It was a 2.5 hour drive to Grand Rapids from the Ft Wayne, IN area.  Straight to packet pick-up.  Plenty of free parking.  Decent sized expo.  Several vendors.  Organized packet pick up & race meeting.  Lots of SWAG.  Race number tattoos!!  Plus a separate area for the Athena/Clydesdale athletes to go for packet pick up and weigh in.  Yes, we all had to weigh in to participate in the championships.  Since my predominant distance is the 70.3, there aren’t a lot of non-branded races that offer that distance.  Therefore, I race Ironman more often than not.  In Ironman, as mentioned above, there is NOT an Athena division.  So I haven’t had much opportunity to race this division.  I was not surprised that I had to weigh in but I was surprised that they had the scales behind a privacy screen.  Everything was very nicely done & respectful in regards to recording our weight.  If we did not weigh in at least 5 lbs over the minimum (170(+) at the expo), then we would have to reweigh on race morning, in our race kit.  Shoes off for the weigh in!  They were very determined to make sure that everyone met the weight requirement.  Not an issue for me.  I did not have to reweigh on race morning. Smile   Photo below from GR TRI Facebook page – if you are one of these lovely ladies in this picture, let me know so I can tag you!

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Race morning.  There were various parking areas around the race site in Ada, MI.  We parked at the Amway Headquarters, then put our transition bags on our back and rode to the race site.  Maybe a mile or so.  The other option was walking or being dropped off, if you had spectators/shepras.  Spectators could take a shuttle but no bikes on the shuttles!  We did ride to the race site in the dark but it was drama free on closed roads which were partially lit.  The weather was cool & overcast.  And there was nothing but smooth water looking out at the inlet of the Thornapple River where we would be swimming.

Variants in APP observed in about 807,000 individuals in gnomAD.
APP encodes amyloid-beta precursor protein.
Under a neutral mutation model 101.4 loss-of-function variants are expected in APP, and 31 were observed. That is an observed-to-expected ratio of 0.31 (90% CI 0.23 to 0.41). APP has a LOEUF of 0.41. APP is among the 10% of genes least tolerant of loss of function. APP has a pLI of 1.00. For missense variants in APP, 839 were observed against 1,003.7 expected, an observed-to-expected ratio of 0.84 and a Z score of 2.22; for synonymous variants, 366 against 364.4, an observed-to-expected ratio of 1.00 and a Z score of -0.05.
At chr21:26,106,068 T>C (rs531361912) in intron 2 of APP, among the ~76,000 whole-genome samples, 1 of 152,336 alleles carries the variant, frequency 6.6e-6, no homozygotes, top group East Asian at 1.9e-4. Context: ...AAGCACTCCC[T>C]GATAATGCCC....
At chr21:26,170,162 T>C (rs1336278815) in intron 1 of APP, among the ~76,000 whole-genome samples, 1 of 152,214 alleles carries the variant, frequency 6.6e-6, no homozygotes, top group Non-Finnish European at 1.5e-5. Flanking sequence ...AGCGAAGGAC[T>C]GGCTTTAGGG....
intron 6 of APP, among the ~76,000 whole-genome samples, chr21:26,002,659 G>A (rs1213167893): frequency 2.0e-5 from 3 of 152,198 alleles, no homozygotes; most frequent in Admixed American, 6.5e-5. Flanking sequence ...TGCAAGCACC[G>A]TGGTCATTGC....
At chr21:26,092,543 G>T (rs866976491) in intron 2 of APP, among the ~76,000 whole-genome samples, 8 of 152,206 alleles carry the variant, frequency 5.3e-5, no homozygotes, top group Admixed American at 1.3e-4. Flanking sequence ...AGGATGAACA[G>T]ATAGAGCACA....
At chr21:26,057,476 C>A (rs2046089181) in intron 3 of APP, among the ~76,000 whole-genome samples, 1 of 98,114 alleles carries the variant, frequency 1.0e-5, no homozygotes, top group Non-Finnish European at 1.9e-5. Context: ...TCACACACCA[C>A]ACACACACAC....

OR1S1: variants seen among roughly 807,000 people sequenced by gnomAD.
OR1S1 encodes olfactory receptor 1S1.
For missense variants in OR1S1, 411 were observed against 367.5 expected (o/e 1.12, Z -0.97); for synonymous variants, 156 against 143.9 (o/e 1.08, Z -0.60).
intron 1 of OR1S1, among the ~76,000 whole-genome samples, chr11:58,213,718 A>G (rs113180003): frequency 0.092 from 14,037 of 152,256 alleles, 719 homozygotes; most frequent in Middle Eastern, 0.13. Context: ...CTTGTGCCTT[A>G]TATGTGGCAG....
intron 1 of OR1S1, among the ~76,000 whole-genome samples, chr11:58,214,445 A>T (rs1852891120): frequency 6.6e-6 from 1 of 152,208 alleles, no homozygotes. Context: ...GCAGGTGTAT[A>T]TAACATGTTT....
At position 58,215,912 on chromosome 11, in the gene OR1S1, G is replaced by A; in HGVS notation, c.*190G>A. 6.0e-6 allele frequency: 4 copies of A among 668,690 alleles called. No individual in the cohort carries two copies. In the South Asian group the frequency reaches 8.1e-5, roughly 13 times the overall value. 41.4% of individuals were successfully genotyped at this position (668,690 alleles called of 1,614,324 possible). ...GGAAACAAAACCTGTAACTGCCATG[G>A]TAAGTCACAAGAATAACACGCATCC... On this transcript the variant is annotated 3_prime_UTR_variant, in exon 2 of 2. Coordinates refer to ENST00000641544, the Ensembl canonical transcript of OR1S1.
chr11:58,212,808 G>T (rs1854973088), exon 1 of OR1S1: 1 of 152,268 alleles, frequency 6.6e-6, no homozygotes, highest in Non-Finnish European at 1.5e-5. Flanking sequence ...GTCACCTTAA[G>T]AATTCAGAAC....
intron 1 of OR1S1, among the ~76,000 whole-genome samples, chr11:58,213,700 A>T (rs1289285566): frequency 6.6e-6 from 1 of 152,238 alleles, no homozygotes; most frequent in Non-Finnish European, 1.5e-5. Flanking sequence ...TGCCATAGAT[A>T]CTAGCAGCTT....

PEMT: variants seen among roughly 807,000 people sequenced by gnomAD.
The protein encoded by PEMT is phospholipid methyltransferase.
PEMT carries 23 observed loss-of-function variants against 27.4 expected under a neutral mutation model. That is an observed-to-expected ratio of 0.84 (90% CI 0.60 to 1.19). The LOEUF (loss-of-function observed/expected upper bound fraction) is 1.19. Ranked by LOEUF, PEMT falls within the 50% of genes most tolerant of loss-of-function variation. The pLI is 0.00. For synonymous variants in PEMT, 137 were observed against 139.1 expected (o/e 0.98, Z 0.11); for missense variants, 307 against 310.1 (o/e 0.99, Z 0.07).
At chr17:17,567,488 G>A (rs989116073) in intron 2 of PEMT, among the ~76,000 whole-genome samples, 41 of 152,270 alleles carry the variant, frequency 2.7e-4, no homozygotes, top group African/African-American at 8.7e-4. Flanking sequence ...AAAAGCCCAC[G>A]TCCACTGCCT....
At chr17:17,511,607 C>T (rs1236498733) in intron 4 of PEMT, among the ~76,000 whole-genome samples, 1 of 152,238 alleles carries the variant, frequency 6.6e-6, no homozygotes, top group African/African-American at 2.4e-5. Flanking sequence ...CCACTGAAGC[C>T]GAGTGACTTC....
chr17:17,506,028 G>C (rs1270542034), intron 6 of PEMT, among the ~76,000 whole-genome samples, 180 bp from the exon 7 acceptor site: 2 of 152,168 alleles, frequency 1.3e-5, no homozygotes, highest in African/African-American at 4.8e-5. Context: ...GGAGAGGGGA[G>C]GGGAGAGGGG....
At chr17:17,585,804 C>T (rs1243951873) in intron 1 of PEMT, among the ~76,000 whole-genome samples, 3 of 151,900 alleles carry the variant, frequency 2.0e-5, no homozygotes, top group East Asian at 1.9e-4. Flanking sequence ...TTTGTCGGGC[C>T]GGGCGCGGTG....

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Transition was LONG and narrow.  Very long.  The 70.3 athletes were positioned closest to the “bike out”.  Good news for us.  Transition spaces were not marked individually, just a series of numbers per rack.  First come, best spot!  I got an end spot!  Leslie B’s mom got a picture of a few of us setting up transition.  I’m in the rear right of the photo, my side/back is to the camera.  I’m in a navy & orange kit.

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Team Stella Fly got this photo below of transition, from the front.  I was down the line much further, past the yellow port-o-potty.  This might be 1/3 of transition.  Maybe.  I was WAY past the potties.  But great shot! 

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Swim started at 7am sharp.  1.2 miles.  The Athenas & Clydesdales were in the first wave and we had fresh, calm water ahead of us!!  Of course, it didn’t take long for the 2nd wave to catch up but it was still nice.  5 minutes between each wave.  Start is below (from the GR TRI Facebook page):